Golden rice is hazardous
The Philippine Network of Food Security Programmes (PNFSP), a network of food security advocates, supports the call of farmers from eight Asian countries (India, Bangladesh, Indonesia, Vietnam, Thailand, Japan, Sri Lanka, and the Philippines) to stop golden rice trials and commercialization in Asia, especially in the Philippines. Golden rice is a genetically engineered (GE) rice that can pose numerous threats and risks linked to unpredictable gene mutations. Experiments in laboratory animals have reportedly led to organ malfunctioning due to random gene positioning.
Golden rice propagation is also intertwined with the use of capital-intensive conventional chemical inputs, including hazardous and ecologically detrimental herbicides, pesticides and fertilizers. Hence, golden rice will put the farmers’ and their communities’ health at risk.
There are cases that GMO propagation resulted in more complicated pest problems. The nature of golden rice resistance to pest is still unknown; and the resulting complex pest problems are highly probable.
We should expose and condemn the attempt of golden rice proponents to deceive the public that it is a corporate gift to solve hunger and malnutrition. Commercialization of golden rice will, in fact, tighten transnational corporations’ control over agriculture through chemical inputs, hybrid seeds, and genetically modified organisms (GMOs) at the expense of our farmers. The approval and “direct use” and commercialization of GE rice in Asia also means that golden rice will not just be confined to local production and domestic use but will open the Asian region to massive and unregulated trade of GMO crops through rice, Asia’s staple food.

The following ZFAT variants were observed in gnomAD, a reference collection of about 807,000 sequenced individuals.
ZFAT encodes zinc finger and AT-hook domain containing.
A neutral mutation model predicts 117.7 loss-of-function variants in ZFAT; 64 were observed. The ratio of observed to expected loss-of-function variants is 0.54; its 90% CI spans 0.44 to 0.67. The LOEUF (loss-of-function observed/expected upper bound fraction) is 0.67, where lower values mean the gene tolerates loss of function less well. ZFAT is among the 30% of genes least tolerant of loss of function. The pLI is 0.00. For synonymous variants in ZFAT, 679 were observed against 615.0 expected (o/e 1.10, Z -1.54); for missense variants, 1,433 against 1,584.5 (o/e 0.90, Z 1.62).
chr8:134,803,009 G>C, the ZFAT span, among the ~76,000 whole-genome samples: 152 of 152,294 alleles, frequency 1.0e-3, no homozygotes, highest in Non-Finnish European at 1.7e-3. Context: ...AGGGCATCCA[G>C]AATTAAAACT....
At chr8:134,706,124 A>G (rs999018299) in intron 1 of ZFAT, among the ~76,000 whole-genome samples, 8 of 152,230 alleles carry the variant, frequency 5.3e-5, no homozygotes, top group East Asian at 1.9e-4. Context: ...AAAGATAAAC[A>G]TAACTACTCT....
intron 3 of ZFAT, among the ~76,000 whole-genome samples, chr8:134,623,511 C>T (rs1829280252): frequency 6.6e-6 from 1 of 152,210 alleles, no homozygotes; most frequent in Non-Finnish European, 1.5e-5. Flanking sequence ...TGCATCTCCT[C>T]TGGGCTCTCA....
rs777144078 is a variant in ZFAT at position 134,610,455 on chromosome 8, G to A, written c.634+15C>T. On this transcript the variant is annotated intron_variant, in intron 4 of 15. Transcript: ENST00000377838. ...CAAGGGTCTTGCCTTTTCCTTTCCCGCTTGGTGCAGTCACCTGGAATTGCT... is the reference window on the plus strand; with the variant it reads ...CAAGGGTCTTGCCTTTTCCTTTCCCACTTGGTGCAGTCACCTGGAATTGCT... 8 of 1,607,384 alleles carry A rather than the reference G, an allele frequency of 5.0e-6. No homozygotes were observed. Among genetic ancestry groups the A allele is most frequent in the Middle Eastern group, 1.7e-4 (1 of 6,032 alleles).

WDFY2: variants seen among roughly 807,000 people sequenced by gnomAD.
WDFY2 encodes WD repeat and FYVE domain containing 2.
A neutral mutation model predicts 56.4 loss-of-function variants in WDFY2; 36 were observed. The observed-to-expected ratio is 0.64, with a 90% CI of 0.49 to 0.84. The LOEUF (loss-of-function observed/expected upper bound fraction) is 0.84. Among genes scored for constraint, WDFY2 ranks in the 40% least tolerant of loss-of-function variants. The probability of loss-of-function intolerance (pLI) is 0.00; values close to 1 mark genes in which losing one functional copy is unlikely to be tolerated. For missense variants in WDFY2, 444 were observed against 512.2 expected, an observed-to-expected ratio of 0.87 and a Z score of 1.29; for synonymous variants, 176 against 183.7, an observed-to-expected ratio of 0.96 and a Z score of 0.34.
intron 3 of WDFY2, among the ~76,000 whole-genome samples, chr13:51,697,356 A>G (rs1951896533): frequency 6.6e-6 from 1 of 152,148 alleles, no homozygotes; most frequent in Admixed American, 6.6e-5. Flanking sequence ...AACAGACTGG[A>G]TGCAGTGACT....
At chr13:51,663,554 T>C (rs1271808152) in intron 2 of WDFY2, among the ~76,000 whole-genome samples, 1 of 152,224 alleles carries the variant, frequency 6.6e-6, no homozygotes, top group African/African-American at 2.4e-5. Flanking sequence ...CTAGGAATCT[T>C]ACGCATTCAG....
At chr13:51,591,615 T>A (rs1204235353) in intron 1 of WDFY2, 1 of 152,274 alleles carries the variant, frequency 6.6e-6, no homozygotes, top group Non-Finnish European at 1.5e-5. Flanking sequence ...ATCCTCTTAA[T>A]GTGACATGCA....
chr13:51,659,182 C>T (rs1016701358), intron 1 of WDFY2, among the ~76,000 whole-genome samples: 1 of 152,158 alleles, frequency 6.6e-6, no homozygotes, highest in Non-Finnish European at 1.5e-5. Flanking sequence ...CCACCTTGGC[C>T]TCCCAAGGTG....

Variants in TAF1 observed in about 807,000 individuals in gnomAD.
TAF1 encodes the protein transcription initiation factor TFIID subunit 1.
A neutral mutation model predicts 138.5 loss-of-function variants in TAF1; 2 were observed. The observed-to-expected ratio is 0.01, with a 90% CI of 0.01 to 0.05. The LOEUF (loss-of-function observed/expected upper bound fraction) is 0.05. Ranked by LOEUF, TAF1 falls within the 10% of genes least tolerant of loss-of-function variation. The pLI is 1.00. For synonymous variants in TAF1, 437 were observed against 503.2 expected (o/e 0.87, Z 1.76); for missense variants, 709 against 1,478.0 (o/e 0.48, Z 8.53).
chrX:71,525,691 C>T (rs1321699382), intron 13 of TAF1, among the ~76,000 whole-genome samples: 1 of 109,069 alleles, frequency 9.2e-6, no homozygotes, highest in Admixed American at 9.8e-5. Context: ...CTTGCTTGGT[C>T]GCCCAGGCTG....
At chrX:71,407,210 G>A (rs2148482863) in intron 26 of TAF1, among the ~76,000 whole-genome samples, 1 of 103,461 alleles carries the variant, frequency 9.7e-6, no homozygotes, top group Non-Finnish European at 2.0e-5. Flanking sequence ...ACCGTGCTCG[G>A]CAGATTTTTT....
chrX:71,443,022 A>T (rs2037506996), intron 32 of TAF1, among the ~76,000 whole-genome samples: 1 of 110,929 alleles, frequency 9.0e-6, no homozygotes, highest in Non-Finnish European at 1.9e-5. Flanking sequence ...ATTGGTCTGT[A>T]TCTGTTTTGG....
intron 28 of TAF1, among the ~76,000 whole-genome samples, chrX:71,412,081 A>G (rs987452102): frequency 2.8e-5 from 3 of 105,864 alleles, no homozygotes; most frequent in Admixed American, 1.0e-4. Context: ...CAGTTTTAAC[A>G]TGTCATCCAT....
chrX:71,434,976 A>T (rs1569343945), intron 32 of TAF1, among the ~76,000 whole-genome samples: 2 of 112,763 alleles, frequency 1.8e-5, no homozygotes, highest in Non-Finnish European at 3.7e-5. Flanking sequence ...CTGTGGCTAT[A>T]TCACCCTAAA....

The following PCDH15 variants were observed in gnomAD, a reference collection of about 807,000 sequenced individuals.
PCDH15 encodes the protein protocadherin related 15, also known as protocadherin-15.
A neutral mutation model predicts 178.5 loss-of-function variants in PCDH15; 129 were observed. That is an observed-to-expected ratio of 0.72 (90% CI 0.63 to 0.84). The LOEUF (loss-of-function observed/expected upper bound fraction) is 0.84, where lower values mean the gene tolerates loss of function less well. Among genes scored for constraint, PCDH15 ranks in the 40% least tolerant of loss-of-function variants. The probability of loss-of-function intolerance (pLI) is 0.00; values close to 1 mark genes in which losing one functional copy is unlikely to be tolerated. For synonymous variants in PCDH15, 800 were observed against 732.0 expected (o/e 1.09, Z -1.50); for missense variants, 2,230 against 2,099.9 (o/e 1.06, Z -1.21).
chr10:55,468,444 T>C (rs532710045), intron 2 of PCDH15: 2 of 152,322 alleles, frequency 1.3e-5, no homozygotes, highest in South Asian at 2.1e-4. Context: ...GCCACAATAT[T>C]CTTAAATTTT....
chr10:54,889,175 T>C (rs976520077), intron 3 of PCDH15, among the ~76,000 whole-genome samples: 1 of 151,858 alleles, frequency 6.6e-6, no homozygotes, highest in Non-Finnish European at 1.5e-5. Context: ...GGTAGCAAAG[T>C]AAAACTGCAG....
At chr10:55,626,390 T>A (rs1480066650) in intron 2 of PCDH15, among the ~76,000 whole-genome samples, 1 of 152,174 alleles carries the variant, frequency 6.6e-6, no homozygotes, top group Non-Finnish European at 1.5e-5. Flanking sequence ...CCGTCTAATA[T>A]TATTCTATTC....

PNFSP strongly believes that food security involves the provision of safe, sufficient and nutritious food that meets the daily dietary needs of the people. We believe that poverty is still the No. 1 cause of malnutrition and hunger. Addressing the root causes of poverty—landlessness, government neglect and transnational corporations’ control of agriculture, and not the promotion of golden rice—is the only way to end malnutrition and hunger. PNFSP strongly recommends the promotion and development of indigenous rice varieties that have, for generations, been proven to be healthy, nutritious and safe, instead of GMO products such as golden rice. And this can only be done through sustainable agriculture. Organic and diversified farming will help farmers produce safe and nutritious food for their families and communities. This will also help sustain biodiversity and ensure resiliency among the farming communities.
RENMIN VIZCONDE, advocacy officer, Philippine Network of Food Security Programmes, [email protected]
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